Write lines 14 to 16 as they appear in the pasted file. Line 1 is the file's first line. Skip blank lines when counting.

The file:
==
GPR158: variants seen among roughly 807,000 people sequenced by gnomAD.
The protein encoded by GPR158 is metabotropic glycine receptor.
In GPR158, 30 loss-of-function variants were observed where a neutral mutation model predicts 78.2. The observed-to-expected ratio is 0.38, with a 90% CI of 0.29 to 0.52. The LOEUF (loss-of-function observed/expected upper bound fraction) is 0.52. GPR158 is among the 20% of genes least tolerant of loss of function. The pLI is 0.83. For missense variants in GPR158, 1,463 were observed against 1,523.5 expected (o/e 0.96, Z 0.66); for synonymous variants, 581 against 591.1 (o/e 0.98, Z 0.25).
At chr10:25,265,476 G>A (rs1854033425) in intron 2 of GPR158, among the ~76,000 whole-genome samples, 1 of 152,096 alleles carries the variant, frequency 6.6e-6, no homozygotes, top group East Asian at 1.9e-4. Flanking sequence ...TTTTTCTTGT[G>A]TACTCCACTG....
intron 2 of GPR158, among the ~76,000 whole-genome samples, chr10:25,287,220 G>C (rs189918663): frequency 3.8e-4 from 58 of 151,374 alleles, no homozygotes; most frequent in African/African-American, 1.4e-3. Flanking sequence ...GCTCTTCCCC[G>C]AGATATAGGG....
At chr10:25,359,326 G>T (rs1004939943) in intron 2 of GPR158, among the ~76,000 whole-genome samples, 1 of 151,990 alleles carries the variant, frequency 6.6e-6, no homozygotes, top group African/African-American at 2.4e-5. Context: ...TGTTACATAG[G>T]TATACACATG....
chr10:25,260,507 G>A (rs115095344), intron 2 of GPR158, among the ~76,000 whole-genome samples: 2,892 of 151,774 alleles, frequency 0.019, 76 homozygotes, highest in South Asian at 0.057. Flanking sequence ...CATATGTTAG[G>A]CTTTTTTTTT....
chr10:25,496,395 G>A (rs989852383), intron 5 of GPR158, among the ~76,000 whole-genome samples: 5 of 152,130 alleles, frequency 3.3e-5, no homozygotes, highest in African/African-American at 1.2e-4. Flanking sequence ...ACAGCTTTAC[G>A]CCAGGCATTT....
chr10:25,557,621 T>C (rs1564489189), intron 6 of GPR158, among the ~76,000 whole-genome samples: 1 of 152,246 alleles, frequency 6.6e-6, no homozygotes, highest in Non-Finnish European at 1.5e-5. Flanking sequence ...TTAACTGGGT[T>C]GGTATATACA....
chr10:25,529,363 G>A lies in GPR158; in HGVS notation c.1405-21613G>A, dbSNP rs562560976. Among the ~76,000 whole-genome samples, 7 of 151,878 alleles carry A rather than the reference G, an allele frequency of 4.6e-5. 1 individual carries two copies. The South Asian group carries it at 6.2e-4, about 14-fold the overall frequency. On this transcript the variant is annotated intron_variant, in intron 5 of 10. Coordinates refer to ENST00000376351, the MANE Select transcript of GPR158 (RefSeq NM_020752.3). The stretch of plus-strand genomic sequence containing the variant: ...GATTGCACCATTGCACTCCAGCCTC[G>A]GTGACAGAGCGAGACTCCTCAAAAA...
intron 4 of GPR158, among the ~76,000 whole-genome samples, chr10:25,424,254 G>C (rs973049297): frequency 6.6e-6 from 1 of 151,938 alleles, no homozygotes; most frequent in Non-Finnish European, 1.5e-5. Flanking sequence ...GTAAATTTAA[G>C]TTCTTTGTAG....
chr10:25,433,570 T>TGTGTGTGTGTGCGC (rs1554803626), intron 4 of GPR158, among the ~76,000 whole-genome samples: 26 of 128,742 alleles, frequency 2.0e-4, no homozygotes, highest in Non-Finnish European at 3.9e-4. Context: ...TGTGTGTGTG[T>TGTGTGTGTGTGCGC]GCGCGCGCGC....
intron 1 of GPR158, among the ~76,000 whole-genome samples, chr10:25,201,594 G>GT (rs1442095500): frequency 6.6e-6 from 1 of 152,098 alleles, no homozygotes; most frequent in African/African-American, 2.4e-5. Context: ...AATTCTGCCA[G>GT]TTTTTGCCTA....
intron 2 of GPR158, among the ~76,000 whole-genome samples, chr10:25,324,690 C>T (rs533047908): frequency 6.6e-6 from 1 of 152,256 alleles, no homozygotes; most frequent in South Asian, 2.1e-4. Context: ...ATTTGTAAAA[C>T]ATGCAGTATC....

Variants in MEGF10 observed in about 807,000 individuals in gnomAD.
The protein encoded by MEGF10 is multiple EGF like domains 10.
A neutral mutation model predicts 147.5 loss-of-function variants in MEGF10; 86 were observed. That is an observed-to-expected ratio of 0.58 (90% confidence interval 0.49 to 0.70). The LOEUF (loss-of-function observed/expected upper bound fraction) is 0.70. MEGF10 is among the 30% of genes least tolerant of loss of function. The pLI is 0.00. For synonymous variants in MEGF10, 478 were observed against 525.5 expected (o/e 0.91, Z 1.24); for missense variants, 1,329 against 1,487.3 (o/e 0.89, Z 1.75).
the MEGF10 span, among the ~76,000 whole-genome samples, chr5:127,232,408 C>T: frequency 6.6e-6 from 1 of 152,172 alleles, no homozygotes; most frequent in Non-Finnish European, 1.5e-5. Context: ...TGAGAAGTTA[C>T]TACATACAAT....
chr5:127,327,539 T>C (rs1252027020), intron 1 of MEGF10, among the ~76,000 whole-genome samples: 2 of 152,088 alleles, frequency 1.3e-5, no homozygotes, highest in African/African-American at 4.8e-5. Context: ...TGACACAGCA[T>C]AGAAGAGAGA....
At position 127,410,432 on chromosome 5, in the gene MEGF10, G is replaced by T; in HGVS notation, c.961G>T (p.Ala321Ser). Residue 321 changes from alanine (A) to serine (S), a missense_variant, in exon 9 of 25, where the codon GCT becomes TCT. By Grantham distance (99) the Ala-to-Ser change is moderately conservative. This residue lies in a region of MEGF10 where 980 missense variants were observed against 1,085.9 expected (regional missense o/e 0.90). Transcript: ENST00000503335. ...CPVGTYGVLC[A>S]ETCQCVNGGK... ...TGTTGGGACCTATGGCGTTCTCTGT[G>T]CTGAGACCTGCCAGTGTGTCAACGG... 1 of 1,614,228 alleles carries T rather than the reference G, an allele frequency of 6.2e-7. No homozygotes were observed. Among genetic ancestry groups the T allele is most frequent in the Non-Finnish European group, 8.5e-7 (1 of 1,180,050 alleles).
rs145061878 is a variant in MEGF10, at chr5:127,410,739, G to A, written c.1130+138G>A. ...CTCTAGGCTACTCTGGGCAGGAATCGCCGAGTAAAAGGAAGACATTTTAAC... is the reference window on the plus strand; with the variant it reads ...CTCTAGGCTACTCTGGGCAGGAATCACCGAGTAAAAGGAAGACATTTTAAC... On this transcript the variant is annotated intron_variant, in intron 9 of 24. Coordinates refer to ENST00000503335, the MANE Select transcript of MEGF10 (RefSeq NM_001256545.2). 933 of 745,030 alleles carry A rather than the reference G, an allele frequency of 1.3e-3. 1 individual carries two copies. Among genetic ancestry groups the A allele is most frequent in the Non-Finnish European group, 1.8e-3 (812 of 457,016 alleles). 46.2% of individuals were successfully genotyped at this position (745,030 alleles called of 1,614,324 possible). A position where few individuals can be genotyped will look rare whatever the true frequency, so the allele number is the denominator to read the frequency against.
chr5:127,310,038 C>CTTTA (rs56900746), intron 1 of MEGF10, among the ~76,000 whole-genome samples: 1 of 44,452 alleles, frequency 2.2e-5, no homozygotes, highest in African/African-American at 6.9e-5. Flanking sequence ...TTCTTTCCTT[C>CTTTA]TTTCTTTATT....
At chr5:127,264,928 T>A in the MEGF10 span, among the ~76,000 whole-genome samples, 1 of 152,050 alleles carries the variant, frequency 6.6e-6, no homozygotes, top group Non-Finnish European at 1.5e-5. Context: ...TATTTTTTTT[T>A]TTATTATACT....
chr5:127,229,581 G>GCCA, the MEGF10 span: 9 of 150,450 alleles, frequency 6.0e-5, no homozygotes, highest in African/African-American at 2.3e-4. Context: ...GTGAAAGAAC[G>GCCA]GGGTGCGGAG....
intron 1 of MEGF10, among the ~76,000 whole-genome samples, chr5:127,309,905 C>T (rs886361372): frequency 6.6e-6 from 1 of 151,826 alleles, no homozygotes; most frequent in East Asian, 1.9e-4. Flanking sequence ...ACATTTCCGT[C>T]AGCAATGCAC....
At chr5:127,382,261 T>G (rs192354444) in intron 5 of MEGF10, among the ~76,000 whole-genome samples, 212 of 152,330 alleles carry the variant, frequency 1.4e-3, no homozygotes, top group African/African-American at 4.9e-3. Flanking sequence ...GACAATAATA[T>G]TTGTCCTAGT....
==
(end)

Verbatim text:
intron 2 of GPR158, among the ~76,000 whole-genome samples, chr10:25,324,690 C>T (rs533047908): frequency 6.6e-6 from 1 of 152,256 alleles, no homozygotes; most frequent in South Asian, 2.1e-4. Context: ...ATTTGTAAAA[C>T]ATGCAGTATC....

Variants in MEGF10 observed in about 807,000 individuals in gnomAD.
The protein encoded by MEGF10 is multiple EGF like domains 10.